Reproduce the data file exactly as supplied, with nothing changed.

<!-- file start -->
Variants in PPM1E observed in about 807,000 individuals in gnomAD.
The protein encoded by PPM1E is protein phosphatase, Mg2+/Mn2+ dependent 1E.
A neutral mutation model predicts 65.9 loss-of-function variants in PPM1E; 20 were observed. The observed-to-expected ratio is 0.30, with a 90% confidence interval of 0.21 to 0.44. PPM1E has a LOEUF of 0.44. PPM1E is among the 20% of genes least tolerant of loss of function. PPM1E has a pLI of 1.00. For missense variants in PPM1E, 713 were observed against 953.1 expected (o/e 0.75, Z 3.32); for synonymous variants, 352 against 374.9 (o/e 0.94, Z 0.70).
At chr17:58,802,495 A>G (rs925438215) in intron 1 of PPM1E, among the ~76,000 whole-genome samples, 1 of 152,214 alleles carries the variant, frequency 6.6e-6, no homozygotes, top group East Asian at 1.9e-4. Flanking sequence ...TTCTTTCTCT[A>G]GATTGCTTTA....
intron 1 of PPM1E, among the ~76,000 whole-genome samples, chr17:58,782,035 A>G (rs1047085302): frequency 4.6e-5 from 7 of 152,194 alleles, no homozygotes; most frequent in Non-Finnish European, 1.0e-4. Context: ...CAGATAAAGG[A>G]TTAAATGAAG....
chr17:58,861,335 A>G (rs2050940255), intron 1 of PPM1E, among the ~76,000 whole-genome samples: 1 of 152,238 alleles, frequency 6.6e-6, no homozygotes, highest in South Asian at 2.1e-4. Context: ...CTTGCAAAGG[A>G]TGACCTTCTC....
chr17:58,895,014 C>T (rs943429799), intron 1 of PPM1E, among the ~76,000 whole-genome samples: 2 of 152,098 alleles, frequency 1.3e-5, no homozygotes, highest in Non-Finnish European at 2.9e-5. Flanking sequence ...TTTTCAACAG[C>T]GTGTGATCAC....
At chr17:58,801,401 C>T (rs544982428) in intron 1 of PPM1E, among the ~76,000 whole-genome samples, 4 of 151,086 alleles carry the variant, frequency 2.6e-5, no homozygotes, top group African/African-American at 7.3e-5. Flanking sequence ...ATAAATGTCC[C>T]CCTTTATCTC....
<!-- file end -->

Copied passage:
Variants in PPM1E observed in about 807,000 individuals in gnomAD.
The protein encoded by PPM1E is protein phosphatase, Mg2+/Mn2+ dependent 1E.
A neutral mutation model predicts 65.9 loss-of-function variants in PPM1E; 20 were observed. The observed-to-expected ratio is 0.30, with a 90% confidence interval of 0.21 to 0.44. PPM1E has a LOEUF of 0.44. PPM1E is among the 20% of genes least tolerant of loss of function. PPM1E has a pLI of 1.00. For missense variants in PPM1E, 713 were observed against 953.1 expected (o/e 0.75, Z 3.32); for synonymous variants, 352 against 374.9 (o/e 0.94, Z 0.70).
At chr17:58,802,495 A>G (rs925438215) in intron 1 of PPM1E, among the ~76,000 whole-genome samples, 1 of 152,214 alleles carries the variant, frequency 6.6e-6, no homozygotes, top group East Asian at 1.9e-4. Flanking sequence ...TTCTTTCTCT[A>G]GATTGCTTTA....
intron 1 of PPM1E, among the ~76,000 whole-genome samples, chr17:58,782,035 A>G (rs1047085302): frequency 4.6e-5 from 7 of 152,194 alleles, no homozygotes; most frequent in Non-Finnish European, 1.0e-4. Context: ...CAGATAAAGG[A>G]TTAAATGAAG....
chr17:58,861,335 A>G (rs2050940255), intron 1 of PPM1E, among the ~76,000 whole-genome samples: 1 of 152,238 alleles, frequency 6.6e-6, no homozygotes, highest in South Asian at 2.1e-4. Context: ...CTTGCAAAGG[A>G]TGACCTTCTC....
chr17:58,895,014 C>T (rs943429799), intron 1 of PPM1E, among the ~76,000 whole-genome samples: 2 of 152,098 alleles, frequency 1.3e-5, no homozygotes, highest in Non-Finnish European at 2.9e-5. Flanking sequence ...TTTTCAACAG[C>T]GTGTGATCAC....
At chr17:58,801,401 C>T (rs544982428) in intron 1 of PPM1E, among the ~76,000 whole-genome samples, 4 of 151,086 alleles carry the variant, frequency 2.6e-5, no homozygotes, top group African/African-American at 7.3e-5. Flanking sequence ...ATAAATGTCC[C>T]CCTTTATCTC....